Hidradenitis suppurativa (HS) is a disease that causes painful, pus-filled open wounds to form under the skin, which later turn into hard lumps. These growths are difficult to treat, and they often come back after they’re treated.

HS mostly affects parts of the body that have apocrine sweat glands. These are the sweat glands in our body usually associated with thicker hair follicles. As a result, the wounds from HS usually appear on the groin, buttocks, and other genitals as well as the armpits.

When the wounds heal, they form scars. In severe cases, tunnels called sinus tracts develop from the wound under the skin. The tracts trap sweat and bacteria under the skin, which can cause inflammation and infection.

Medications such as antibiotics and pain relievers can help manage symptoms. People who have a lot of lumps and scars may need surgery to remove them. In general, people with stage 2 or 3 HS benefit more from surgery than other treatments.

Read on to learn about surgery for HS, complications, benefits, and more.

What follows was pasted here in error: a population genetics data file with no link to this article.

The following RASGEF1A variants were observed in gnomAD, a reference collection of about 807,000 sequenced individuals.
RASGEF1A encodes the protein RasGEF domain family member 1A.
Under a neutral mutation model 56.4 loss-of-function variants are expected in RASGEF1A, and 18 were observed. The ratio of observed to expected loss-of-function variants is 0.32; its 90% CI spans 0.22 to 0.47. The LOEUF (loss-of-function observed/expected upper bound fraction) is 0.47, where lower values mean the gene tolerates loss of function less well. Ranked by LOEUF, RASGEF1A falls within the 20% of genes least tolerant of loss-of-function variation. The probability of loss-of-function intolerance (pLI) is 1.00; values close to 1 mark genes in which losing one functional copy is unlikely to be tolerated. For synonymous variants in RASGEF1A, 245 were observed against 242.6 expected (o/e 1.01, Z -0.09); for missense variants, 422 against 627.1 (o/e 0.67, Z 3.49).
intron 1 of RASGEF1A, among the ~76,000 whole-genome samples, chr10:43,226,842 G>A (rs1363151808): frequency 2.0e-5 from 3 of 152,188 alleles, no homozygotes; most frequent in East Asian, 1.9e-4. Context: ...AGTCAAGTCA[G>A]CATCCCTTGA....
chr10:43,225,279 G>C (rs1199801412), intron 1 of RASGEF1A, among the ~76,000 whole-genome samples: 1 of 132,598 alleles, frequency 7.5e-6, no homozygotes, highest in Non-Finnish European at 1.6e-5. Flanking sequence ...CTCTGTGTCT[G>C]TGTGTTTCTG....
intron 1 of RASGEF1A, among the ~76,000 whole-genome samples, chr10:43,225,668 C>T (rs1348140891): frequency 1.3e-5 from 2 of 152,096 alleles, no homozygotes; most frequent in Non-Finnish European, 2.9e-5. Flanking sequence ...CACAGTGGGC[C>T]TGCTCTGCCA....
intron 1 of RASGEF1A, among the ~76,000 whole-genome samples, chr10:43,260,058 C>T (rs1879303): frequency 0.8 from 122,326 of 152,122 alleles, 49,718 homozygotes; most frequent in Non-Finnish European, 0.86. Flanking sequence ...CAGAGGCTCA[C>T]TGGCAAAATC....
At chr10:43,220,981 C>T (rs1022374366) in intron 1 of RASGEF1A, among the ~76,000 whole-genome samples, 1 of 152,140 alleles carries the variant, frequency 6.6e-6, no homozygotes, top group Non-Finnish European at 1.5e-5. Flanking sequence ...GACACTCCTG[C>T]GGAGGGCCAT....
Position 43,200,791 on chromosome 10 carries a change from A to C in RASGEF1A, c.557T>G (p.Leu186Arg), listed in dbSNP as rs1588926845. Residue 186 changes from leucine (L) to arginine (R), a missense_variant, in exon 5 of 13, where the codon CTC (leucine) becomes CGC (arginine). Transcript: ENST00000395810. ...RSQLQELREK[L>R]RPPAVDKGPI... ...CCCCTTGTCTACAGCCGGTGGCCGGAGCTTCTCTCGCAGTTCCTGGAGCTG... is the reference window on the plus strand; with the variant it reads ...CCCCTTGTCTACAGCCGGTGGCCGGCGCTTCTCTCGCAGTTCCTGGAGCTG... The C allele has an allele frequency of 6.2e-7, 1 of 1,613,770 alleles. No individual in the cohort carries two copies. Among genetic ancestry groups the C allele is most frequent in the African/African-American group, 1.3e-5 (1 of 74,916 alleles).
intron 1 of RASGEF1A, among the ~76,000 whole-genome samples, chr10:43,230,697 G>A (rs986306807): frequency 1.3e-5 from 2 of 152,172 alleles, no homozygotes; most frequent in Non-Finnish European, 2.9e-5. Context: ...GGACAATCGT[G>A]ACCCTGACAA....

Doctors use a few different procedures to treat HS. It’s not clear from the research which of these surgery types works best.

Your doctor will recommend a type of surgery for you based on factors like:

  • how many growths you have
  • whether they’ve come back after treatment
  • the affected areas of your body
  • what stage of HS you have

Doctors divide HS into three stages:

  • Stage 1 is a single growth without any sinus tracts (tunnels) or scars.
  • Stage 2 is more than one growth with some tunnels.
  • Stage 3 involves many growths, more sinus tracts, and scars.

Wide excision

This is the most invasive type of surgery. Your doctor will remove the growths, along with a large area of healthy skin around the growths to prevent them from coming back. If the surgeon removes a lot of skin, you may need a graft from another part of your body to cover the wound.

Wide excision of the genital areas may require more aggressive surgery. In some cases, a temporary colostomy, or stool bag, may be necessary to allow the surgically removed areas to health without contamination.